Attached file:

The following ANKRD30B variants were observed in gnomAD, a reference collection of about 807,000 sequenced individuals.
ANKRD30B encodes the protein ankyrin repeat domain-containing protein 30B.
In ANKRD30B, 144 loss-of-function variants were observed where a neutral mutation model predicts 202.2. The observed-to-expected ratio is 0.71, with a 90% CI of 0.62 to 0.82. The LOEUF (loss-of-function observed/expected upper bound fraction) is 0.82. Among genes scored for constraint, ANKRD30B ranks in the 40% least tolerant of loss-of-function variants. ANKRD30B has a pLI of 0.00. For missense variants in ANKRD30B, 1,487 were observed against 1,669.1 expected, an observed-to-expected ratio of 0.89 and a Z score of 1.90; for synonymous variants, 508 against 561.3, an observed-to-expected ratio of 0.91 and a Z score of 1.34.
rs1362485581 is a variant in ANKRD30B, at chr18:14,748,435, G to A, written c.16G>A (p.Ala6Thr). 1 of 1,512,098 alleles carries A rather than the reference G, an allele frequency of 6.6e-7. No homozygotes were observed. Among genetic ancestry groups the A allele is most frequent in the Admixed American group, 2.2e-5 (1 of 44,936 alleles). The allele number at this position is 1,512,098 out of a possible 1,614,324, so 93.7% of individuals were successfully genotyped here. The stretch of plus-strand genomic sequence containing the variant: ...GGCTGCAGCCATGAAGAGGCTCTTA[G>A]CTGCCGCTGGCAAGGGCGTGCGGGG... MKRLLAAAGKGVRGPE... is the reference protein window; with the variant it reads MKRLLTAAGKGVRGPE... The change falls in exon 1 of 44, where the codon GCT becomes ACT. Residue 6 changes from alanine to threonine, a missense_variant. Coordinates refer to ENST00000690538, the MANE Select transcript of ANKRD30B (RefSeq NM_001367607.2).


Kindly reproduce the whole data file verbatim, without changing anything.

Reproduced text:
The following ANKRD30B variants were observed in gnomAD, a reference collection of about 807,000 sequenced individuals.
ANKRD30B encodes the protein ankyrin repeat domain-containing protein 30B.
In ANKRD30B, 144 loss-of-function variants were observed where a neutral mutation model predicts 202.2. The observed-to-expected ratio is 0.71, with a 90% CI of 0.62 to 0.82. The LOEUF (loss-of-function observed/expected upper bound fraction) is 0.82. Among genes scored for constraint, ANKRD30B ranks in the 40% least tolerant of loss-of-function variants. ANKRD30B has a pLI of 0.00. For missense variants in ANKRD30B, 1,487 were observed against 1,669.1 expected, an observed-to-expected ratio of 0.89 and a Z score of 1.90; for synonymous variants, 508 against 561.3, an observed-to-expected ratio of 0.91 and a Z score of 1.34.
rs1362485581 is a variant in ANKRD30B, at chr18:14,748,435, G to A, written c.16G>A (p.Ala6Thr). 1 of 1,512,098 alleles carries A rather than the reference G, an allele frequency of 6.6e-7. No homozygotes were observed. Among genetic ancestry groups the A allele is most frequent in the Admixed American group, 2.2e-5 (1 of 44,936 alleles). The allele number at this position is 1,512,098 out of a possible 1,614,324, so 93.7% of individuals were successfully genotyped here. The stretch of plus-strand genomic sequence containing the variant: ...GGCTGCAGCCATGAAGAGGCTCTTA[G>A]CTGCCGCTGGCAAGGGCGTGCGGGG... MKRLLAAAGKGVRGPE... is the reference protein window; with the variant it reads MKRLLTAAGKGVRGPE... The change falls in exon 1 of 44, where the codon GCT becomes ACT. Residue 6 changes from alanine to threonine, a missense_variant. Coordinates refer to ENST00000690538, the MANE Select transcript of ANKRD30B (RefSeq NM_001367607.2).